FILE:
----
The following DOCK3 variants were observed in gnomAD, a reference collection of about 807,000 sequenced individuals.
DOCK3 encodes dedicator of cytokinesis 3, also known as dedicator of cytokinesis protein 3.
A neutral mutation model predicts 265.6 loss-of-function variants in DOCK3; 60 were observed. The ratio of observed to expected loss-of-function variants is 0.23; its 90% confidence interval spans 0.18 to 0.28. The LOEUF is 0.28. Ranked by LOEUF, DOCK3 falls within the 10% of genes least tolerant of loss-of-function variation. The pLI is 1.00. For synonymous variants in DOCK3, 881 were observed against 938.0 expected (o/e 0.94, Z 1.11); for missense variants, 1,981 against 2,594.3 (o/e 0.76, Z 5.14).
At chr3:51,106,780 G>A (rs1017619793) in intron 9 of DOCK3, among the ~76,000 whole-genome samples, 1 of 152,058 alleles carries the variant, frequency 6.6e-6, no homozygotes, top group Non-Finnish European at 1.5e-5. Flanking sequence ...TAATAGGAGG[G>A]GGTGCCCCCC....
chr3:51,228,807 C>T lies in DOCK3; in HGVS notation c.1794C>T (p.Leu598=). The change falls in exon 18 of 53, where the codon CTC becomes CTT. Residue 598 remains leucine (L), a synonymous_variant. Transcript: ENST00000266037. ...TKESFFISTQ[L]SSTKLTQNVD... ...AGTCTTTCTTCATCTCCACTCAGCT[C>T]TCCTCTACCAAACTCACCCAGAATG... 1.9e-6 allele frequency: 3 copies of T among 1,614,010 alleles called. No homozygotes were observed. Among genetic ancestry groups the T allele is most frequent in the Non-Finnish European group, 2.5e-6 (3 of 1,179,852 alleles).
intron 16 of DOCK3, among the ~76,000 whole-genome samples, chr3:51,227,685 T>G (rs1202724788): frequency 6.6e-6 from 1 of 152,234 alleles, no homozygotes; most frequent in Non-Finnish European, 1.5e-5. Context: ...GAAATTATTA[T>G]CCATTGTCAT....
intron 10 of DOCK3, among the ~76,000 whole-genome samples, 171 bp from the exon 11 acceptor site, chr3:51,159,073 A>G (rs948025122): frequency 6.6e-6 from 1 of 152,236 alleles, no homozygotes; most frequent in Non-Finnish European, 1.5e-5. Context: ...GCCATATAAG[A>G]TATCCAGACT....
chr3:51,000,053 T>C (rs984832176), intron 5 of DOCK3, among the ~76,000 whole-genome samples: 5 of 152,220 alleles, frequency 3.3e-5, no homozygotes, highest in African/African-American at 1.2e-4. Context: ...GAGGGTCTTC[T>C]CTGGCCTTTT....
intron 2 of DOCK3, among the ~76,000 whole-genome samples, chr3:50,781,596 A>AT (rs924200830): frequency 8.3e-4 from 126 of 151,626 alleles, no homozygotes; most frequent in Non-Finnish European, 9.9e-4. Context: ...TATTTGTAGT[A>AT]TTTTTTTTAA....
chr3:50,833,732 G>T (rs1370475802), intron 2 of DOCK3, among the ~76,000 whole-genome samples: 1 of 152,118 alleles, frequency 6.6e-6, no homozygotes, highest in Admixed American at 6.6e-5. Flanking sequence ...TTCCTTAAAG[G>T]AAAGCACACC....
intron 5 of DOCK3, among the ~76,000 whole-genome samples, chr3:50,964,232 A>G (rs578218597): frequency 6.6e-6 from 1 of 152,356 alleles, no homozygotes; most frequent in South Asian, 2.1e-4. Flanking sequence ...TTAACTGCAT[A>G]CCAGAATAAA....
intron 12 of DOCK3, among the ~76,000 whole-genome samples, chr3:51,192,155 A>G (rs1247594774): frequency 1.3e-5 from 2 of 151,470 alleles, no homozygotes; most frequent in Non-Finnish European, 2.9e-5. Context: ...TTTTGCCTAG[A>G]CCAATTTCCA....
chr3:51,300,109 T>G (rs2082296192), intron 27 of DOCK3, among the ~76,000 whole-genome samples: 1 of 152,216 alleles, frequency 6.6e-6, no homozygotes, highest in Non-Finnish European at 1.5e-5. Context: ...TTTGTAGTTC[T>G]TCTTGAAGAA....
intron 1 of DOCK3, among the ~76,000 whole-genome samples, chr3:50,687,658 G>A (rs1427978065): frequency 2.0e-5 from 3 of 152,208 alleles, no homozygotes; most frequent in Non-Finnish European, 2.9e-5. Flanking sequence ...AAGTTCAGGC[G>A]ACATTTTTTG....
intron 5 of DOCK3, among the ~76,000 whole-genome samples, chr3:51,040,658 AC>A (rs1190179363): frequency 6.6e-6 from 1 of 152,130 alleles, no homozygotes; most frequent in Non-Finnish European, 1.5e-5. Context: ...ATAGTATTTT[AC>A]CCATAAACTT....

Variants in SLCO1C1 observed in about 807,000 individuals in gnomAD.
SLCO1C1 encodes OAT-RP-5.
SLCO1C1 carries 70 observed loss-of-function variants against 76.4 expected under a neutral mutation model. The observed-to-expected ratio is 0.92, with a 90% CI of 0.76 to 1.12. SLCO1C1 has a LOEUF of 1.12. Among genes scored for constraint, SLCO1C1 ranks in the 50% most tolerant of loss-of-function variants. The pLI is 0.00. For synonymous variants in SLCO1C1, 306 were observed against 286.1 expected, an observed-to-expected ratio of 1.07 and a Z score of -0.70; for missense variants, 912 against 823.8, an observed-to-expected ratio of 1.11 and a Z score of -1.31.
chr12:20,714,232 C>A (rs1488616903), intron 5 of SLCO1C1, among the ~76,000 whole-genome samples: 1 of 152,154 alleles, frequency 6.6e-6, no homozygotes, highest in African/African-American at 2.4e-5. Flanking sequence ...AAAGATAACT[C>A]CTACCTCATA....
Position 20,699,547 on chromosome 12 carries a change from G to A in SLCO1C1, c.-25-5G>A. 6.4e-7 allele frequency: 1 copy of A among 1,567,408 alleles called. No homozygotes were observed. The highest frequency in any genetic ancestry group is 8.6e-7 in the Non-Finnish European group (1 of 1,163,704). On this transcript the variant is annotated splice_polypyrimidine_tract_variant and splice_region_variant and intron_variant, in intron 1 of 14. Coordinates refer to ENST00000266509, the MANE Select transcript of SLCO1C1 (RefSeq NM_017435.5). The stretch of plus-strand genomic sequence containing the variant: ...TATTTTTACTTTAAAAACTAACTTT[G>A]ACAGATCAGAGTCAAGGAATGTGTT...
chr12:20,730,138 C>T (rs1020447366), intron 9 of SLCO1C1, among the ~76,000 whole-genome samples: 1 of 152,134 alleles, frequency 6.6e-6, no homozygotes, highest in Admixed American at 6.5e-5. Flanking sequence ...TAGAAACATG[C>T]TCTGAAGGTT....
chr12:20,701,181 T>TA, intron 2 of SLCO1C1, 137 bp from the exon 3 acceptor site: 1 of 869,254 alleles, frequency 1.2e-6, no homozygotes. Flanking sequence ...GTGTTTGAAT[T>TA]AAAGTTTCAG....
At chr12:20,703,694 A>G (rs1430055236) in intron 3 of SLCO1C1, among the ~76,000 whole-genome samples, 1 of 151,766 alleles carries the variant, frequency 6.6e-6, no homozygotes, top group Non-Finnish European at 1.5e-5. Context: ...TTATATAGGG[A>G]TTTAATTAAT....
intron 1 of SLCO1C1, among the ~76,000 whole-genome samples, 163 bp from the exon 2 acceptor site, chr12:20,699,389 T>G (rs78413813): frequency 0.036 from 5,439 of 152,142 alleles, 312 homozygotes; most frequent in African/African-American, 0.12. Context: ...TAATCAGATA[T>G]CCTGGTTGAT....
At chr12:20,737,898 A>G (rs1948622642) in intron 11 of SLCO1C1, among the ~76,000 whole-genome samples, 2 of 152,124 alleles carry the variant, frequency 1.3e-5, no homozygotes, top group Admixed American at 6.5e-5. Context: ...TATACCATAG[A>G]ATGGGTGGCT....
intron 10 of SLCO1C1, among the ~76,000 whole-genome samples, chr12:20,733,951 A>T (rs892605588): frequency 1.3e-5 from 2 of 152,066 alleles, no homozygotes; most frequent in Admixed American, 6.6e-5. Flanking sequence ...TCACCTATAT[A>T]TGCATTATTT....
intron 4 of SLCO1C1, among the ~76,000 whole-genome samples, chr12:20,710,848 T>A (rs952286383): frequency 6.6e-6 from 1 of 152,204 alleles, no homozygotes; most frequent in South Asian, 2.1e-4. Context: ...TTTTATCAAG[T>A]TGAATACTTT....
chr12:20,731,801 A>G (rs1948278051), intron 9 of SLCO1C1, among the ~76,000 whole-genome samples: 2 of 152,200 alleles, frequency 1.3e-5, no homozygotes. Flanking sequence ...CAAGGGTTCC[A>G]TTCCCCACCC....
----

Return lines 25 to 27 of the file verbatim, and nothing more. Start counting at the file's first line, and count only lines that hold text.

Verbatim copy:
At chr12:20,737,898 A>G (rs1948622642) in intron 11 of SLCO1C1, among the ~76,000 whole-genome samples, 2 of 152,124 alleles carry the variant, frequency 1.3e-5, no homozygotes, top group Admixed American at 6.5e-5. Context: ...TATACCATAG[A>G]ATGGGTGGCT....
intron 10 of SLCO1C1, among the ~76,000 whole-genome samples, chr12:20,733,951 A>T (rs892605588): frequency 1.3e-5 from 2 of 152,066 alleles, no homozygotes; most frequent in Admixed American, 6.6e-5. Flanking sequence ...TCACCTATAT[A>T]TGCATTATTT....
intron 4 of SLCO1C1, among the ~76,000 whole-genome samples, chr12:20,710,848 T>A (rs952286383): frequency 6.6e-6 from 1 of 152,204 alleles, no homozygotes; most frequent in South Asian, 2.1e-4. Context: ...TTTTATCAAG[T>A]TGAATACTTT....